I first got interested in Marcus
Marcus operates theatres totaling 504 screens, and owns and manages hotels and resorts. For the second quarter, total sales increased 5.3%, operating income increased 2%, and net income doubled. Most of the net income increase resulted from $8.5 million of gains from real estate divestitures, including $5 million from selling excess theater land.
Theater revenue, as expected, was soft, with box-office sales down 7% for the quarter and concession sales down 2.9%. Unfortunately, the company is unable to hedge "Harry Potter risk" -- 60% of year-over-year box-office declines can be attributed to the opening weekend of last year's Harry Potter movie. But bigger movies await in the summer of 2007, including the latest Harry Potter installment, Pixar's Ratatouille, and sequels to Pirates of the Caribbean, Ocean's 11, Bruce Almighty, Die Hard, The Bourne Identity, and Rush Hour, so box-office sales shouldn't have a hard time rebounding. Nevertheless, theater operating margins on a year-to-date basis held firm at 22.8%, compared to Regal's
Hotels and resorts fared much better for Marcus. Revenue per available room and average daily rate increased 7.8% and 10.3% during the quarter. Occupancy, due to some non-recurring events, decreased 1.6%. Most importantly, Marcus increased its ownership of the Platinum Hotel in Las Vegas from 50% to 90%. Although we don't know what Marcus paid, it's a relatively safe bet that the management didn't overpay.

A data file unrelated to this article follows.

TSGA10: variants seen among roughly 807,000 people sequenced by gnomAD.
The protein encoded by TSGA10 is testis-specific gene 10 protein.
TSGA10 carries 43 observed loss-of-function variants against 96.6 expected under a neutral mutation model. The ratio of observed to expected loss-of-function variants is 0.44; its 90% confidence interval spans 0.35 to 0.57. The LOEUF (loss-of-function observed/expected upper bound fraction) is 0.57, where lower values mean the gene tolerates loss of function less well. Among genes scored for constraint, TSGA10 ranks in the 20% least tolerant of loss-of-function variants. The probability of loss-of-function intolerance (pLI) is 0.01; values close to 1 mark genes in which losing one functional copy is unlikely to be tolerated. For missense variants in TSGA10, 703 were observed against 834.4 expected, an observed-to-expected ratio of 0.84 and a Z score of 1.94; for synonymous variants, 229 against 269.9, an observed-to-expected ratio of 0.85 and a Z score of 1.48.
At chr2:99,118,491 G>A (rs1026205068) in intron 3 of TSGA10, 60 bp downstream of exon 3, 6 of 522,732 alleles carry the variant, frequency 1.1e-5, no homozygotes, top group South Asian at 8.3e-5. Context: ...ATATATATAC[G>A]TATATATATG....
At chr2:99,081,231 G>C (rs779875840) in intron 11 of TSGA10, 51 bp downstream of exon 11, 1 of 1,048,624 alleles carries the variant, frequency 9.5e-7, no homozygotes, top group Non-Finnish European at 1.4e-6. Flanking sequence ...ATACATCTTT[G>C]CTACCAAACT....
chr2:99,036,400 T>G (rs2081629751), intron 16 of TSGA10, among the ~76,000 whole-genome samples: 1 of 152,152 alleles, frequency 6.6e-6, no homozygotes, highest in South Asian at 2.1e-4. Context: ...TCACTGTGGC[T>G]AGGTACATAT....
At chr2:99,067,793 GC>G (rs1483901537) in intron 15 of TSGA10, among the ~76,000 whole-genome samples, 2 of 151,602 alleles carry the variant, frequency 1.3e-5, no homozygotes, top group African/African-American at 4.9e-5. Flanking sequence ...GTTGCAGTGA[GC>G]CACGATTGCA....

Marcus has already sold 20% of Platinum's 255 condo units at prices ranging from $350,000 to more than $1 million per unit. Platinum is a "condo hotel," where condo owners hire Marcus to manage and rent out their units and split the resulting profits. Platinum, surprisingly, is only one of two condo hotels currently open in Vegas, and it differentiates itself as a nongaming, nonsmoking property. Additionally, Marcus signed two management contracts, one for a four-star resort in Scottsdale, Ariz., owned by Goldman Sachs.
All in all, although net income growth was largely due to one-time real estate gains, Marcus has a long history of making shrewd investments and booking gains, so I tend to view these gains as more recurring in nature. Furthermore, Marcus' management is extremely shareholder-friendly, which isn't surprising given that insiders own nearly half the company. It doesn't take a rocket scientist to predict that Marcus will wisely invest and grow shareholder capital, so investors might want to take a closer look at this one.
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Fool contributor Emil Lee is an analyst and a disciple of value investing. He doesn't own shares in any of the companies mentioned above. Emil appreciates comments, concerns, and complaints. IMAX is a Motley Fool Rule Breakers recommendation. The Motley Fool has a disclosure policy .
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